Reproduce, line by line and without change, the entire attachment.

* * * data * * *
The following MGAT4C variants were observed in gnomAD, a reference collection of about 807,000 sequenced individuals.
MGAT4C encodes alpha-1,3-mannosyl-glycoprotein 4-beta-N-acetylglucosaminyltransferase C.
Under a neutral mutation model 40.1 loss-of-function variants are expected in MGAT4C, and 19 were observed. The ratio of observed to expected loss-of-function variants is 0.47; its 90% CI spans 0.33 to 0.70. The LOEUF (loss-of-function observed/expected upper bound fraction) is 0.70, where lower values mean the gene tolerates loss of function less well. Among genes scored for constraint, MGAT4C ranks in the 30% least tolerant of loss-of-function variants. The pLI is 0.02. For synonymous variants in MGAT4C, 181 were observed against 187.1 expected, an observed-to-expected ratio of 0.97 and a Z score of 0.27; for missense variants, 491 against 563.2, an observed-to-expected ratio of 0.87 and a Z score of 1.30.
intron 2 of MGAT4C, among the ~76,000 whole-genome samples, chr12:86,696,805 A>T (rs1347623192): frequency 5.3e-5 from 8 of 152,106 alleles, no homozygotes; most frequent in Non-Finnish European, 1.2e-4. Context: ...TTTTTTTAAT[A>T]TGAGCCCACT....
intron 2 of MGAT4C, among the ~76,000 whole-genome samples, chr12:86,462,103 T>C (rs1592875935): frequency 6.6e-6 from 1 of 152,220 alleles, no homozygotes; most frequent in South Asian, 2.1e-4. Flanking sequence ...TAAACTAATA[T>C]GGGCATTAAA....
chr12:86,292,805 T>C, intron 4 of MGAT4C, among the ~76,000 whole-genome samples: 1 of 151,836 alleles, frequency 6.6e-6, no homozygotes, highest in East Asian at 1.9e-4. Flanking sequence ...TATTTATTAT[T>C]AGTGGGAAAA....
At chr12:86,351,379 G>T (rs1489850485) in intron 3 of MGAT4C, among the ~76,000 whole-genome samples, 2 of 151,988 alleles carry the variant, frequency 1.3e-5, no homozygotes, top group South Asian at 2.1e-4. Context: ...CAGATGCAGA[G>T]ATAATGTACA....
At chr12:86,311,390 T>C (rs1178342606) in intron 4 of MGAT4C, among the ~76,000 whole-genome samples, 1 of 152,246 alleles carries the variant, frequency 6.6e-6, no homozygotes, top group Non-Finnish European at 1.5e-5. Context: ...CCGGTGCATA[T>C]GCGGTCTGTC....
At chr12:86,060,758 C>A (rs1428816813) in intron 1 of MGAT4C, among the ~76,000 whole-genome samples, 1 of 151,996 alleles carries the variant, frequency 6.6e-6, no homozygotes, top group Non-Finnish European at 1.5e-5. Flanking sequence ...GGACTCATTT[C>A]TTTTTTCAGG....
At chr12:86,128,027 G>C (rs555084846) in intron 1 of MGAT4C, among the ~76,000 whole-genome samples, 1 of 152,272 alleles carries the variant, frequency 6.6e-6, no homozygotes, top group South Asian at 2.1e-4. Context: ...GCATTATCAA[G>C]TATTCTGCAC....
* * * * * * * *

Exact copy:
The following MGAT4C variants were observed in gnomAD, a reference collection of about 807,000 sequenced individuals.
MGAT4C encodes alpha-1,3-mannosyl-glycoprotein 4-beta-N-acetylglucosaminyltransferase C.
Under a neutral mutation model 40.1 loss-of-function variants are expected in MGAT4C, and 19 were observed. The ratio of observed to expected loss-of-function variants is 0.47; its 90% CI spans 0.33 to 0.70. The LOEUF (loss-of-function observed/expected upper bound fraction) is 0.70, where lower values mean the gene tolerates loss of function less well. Among genes scored for constraint, MGAT4C ranks in the 30% least tolerant of loss-of-function variants. The pLI is 0.02. For synonymous variants in MGAT4C, 181 were observed against 187.1 expected, an observed-to-expected ratio of 0.97 and a Z score of 0.27; for missense variants, 491 against 563.2, an observed-to-expected ratio of 0.87 and a Z score of 1.30.
intron 2 of MGAT4C, among the ~76,000 whole-genome samples, chr12:86,696,805 A>T (rs1347623192): frequency 5.3e-5 from 8 of 152,106 alleles, no homozygotes; most frequent in Non-Finnish European, 1.2e-4. Context: ...TTTTTTTAAT[A>T]TGAGCCCACT....
intron 2 of MGAT4C, among the ~76,000 whole-genome samples, chr12:86,462,103 T>C (rs1592875935): frequency 6.6e-6 from 1 of 152,220 alleles, no homozygotes; most frequent in South Asian, 2.1e-4. Flanking sequence ...TAAACTAATA[T>C]GGGCATTAAA....
chr12:86,292,805 T>C, intron 4 of MGAT4C, among the ~76,000 whole-genome samples: 1 of 151,836 alleles, frequency 6.6e-6, no homozygotes, highest in East Asian at 1.9e-4. Flanking sequence ...TATTTATTAT[T>C]AGTGGGAAAA....
At chr12:86,351,379 G>T (rs1489850485) in intron 3 of MGAT4C, among the ~76,000 whole-genome samples, 2 of 151,988 alleles carry the variant, frequency 1.3e-5, no homozygotes, top group South Asian at 2.1e-4. Context: ...CAGATGCAGA[G>T]ATAATGTACA....
At chr12:86,311,390 T>C (rs1178342606) in intron 4 of MGAT4C, among the ~76,000 whole-genome samples, 1 of 152,246 alleles carries the variant, frequency 6.6e-6, no homozygotes, top group Non-Finnish European at 1.5e-5. Context: ...CCGGTGCATA[T>C]GCGGTCTGTC....
At chr12:86,060,758 C>A (rs1428816813) in intron 1 of MGAT4C, among the ~76,000 whole-genome samples, 1 of 151,996 alleles carries the variant, frequency 6.6e-6, no homozygotes, top group Non-Finnish European at 1.5e-5. Flanking sequence ...GGACTCATTT[C>A]TTTTTTCAGG....
At chr12:86,128,027 G>C (rs555084846) in intron 1 of MGAT4C, among the ~76,000 whole-genome samples, 1 of 152,272 alleles carries the variant, frequency 6.6e-6, no homozygotes, top group South Asian at 2.1e-4. Context: ...GCATTATCAA[G>C]TATTCTGCAC....